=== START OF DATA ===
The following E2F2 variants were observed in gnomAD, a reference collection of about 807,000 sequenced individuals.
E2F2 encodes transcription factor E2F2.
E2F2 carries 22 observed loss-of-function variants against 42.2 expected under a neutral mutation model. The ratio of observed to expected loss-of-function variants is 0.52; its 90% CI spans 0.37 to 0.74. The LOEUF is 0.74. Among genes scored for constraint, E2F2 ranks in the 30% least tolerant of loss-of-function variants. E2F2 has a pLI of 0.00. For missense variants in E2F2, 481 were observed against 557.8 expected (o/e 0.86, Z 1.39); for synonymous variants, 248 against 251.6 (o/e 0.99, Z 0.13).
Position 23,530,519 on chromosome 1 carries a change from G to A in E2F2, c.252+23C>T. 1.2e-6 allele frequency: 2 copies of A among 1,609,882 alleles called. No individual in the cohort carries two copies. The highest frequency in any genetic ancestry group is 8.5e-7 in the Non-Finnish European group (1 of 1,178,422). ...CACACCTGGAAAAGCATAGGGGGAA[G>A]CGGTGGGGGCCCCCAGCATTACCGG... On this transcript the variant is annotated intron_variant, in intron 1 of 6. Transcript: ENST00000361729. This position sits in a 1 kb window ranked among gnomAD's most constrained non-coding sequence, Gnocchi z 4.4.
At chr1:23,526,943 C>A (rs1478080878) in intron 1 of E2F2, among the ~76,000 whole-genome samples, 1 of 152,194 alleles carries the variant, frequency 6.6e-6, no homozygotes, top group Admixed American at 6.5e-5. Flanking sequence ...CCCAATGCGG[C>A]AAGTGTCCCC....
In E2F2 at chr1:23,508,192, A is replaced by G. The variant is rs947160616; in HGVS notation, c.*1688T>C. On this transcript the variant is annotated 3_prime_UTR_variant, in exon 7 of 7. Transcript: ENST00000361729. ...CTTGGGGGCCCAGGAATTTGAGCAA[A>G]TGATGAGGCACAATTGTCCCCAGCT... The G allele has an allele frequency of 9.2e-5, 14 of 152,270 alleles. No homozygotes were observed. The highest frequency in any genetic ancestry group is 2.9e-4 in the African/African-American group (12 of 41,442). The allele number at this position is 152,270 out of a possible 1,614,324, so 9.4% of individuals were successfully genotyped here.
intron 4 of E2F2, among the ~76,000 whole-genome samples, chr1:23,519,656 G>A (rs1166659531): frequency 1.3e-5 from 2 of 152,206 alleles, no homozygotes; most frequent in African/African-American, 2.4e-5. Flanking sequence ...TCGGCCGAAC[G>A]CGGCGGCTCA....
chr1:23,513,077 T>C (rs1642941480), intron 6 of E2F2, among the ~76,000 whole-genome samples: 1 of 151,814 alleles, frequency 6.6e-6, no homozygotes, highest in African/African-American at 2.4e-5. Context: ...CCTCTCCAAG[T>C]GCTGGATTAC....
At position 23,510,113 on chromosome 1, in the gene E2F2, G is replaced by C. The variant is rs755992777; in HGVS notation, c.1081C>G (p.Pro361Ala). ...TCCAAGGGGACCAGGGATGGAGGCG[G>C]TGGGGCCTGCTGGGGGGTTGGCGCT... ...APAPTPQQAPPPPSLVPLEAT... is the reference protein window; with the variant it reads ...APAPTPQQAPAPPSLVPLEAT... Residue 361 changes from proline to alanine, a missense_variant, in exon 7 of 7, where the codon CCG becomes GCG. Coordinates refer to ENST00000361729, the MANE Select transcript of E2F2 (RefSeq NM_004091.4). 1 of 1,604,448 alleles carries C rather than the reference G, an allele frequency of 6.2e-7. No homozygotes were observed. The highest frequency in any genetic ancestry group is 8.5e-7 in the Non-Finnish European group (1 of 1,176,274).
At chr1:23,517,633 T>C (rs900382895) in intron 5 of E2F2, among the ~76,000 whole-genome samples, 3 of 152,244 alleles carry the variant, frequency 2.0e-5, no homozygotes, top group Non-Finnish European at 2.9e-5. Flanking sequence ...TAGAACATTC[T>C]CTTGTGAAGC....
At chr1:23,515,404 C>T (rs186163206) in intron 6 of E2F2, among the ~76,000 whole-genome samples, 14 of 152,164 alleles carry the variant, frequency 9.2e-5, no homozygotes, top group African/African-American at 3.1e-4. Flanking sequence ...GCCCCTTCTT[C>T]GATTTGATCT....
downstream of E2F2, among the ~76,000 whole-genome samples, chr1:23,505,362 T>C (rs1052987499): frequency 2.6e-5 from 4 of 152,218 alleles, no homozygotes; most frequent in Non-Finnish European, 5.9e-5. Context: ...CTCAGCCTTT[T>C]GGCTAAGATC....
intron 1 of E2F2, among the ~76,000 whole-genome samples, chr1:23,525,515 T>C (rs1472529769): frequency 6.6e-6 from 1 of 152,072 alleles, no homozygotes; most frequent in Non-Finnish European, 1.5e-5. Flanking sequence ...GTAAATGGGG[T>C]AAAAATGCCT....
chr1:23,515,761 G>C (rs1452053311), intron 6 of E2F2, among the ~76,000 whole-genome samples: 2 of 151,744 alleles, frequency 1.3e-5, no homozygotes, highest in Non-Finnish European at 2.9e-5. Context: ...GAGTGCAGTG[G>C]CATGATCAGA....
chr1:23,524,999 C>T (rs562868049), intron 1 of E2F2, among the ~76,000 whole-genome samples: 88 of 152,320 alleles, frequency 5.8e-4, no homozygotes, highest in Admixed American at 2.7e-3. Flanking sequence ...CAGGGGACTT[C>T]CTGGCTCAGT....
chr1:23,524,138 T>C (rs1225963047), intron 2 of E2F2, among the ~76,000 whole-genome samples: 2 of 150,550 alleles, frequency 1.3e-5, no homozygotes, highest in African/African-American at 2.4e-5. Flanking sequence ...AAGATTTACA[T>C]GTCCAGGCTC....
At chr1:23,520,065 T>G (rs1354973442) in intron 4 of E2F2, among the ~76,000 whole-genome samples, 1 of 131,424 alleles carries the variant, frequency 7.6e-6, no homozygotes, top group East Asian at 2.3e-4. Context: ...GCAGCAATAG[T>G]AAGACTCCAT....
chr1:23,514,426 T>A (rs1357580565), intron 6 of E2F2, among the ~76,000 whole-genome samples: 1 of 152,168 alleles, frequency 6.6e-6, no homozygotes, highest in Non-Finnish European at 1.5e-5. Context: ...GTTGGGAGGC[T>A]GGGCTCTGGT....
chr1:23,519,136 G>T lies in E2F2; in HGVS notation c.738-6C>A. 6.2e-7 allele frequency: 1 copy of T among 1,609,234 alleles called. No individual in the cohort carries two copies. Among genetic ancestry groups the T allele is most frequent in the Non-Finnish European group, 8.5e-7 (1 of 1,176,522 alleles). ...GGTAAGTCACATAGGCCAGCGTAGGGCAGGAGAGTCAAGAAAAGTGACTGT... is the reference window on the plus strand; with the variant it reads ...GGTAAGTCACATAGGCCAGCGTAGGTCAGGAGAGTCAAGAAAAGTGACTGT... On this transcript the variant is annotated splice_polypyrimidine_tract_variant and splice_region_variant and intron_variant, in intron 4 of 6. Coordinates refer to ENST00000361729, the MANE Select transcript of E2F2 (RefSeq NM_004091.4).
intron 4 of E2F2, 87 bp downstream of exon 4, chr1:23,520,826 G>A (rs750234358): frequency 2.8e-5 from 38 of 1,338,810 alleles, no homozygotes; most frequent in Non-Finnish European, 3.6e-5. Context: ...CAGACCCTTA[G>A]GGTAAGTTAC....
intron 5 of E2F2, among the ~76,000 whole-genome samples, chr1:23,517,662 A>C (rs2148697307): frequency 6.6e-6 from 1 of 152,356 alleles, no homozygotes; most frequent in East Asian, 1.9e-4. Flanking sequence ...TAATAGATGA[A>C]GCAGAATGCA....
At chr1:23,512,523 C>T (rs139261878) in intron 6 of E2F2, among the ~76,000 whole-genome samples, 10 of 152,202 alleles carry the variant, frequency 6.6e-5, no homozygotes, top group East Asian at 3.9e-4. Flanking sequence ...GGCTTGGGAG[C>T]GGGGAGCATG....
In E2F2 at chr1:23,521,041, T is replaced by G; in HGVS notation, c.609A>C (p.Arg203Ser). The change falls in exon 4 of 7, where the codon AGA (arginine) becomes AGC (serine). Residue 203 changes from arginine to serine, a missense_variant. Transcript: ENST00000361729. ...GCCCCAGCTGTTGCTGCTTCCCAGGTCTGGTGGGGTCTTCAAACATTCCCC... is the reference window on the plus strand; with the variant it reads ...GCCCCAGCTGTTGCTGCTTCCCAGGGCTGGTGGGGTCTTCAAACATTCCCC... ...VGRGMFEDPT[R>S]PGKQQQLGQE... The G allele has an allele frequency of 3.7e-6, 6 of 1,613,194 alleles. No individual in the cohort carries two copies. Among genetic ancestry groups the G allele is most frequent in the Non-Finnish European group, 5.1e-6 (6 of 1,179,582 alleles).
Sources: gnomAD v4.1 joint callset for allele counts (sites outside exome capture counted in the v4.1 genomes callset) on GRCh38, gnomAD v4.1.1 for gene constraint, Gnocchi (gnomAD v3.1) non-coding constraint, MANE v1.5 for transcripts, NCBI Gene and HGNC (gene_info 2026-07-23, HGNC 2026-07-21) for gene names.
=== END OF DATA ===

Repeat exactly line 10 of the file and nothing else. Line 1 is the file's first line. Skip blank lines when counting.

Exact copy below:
At chr1:23,517,633 T>C (rs900382895) in intron 5 of E2F2, among the ~76,000 whole-genome samples, 3 of 152,244 alleles carry the variant, frequency 2.0e-5, no homozygotes, top group Non-Finnish European at 2.9e-5. Flanking sequence ...TAGAACATTC[T>C]CTTGTGAAGC....